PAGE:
Vernon L. Porritt: Bapak Guru Orang Bisaya: a Pioneer in Social Experimentation in Sarawak: Ro Bewsher, 1910-1998. Special Issue of the Centre for South-East Asian Studies. Hull, England: University of Hull, 1999. ISBN 0-903122-08-1.
Reviewed by Otto Steinmayer.
One of the by-products of James Brooke's acquisition of Sarawak was that it closed the way to any further adventurers of the Man-Who-Would-Be-King variety. That role was taken, and white people who came to the country had to turn their ambitions to something other than power. Sarawak's good fortune was that many of the men and women who looked there for opportunity and adventure sought it in ways that benefitted the people of the state. From Lundu to Marudi people still remember with gratitude the Peace Corps and Volunteer Service workers who taught school and helped in the fields.
Roland Bewsher was born in 1910 into a highly religious Australian family, and from his youth intended to become a missionary. He joined the Borneo Evangelical Mission (BEM) and was assigned to Limpasong in the Ulu Limbang, where he arrived in 1932. Limpasong was his base for the next ten years. He made his home among the Bisaya people and became close to them, learned their language, and evangelized among them, with indifferent success; but he was esteemed highly enough by the local community to be appointed (in 1941) Council Negri member to represent the Limbang district.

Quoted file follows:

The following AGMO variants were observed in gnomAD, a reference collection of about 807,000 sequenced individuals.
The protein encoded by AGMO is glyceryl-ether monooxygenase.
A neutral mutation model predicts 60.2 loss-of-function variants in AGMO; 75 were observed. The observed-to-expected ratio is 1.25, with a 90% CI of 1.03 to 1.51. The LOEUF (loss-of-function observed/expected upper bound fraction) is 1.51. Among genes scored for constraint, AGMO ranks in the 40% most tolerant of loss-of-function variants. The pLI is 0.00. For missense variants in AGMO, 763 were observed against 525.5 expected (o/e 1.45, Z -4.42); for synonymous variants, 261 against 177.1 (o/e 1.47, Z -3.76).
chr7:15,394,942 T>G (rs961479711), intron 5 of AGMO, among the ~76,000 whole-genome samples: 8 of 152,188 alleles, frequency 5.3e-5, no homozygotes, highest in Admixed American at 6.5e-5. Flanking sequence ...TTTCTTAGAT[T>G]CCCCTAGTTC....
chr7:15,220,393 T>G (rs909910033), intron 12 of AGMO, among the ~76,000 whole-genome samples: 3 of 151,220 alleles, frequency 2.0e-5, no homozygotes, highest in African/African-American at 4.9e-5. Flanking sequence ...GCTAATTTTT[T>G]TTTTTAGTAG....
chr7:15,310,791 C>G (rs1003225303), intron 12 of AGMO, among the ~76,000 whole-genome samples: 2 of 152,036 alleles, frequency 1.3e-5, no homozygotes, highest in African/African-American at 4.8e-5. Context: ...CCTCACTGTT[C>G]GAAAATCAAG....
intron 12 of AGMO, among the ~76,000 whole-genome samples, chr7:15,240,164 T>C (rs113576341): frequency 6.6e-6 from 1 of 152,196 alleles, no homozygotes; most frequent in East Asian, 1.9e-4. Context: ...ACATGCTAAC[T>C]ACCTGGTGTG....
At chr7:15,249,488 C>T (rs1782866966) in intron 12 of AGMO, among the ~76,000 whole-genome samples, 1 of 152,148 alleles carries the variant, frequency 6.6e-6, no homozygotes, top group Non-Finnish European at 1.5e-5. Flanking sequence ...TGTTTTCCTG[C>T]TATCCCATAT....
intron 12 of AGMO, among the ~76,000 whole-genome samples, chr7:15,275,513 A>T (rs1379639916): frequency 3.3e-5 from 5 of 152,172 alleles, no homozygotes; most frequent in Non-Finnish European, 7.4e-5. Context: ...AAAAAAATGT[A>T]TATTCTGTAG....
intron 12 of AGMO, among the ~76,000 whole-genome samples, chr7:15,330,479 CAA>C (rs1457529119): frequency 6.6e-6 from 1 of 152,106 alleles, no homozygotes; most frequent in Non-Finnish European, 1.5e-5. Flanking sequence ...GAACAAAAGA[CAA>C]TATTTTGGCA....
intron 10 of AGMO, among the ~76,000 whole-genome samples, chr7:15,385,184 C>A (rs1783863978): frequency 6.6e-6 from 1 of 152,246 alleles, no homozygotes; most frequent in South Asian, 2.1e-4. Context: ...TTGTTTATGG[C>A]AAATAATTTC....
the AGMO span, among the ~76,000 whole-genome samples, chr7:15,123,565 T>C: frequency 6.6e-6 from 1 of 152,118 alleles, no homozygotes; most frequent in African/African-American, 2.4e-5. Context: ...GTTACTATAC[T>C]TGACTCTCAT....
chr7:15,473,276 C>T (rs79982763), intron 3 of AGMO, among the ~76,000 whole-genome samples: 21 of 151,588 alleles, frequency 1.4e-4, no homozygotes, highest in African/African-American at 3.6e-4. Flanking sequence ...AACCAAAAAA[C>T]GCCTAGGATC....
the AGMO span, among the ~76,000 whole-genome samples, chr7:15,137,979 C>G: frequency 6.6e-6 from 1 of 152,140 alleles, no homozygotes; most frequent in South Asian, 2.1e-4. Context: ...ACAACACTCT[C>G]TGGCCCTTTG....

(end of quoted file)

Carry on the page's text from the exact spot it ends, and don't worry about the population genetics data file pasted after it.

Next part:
When the Japanese invaded, Bewsher, his wife, and adopted children fled with others, including Hudson Southwell, upriver to Aroh Linau, near Mulu. Here he remained until the end of July, when the party was captured by the Japanese, and eventually sent to Batu Lintang camp.
Internment ended Bewsher's long decade of apprenticeship. His religious fervor (of which the BEM and its director expected a perhaps excessively ardent level) cooled after discussions with other prisoners, in particular a German atheist doctor captured at Pontianak, whose arguments Bewsher apparently found "unassailable." Bewsher resigned from the BEM. However wrenching a change this may have been for him personally, it turned to Sarawak's gain. The good that Bewsher had been able to do as a missionary had been meagre, but with religion out on the side, Bewsher was freed to pursue a secular career with the Sarawak civil service.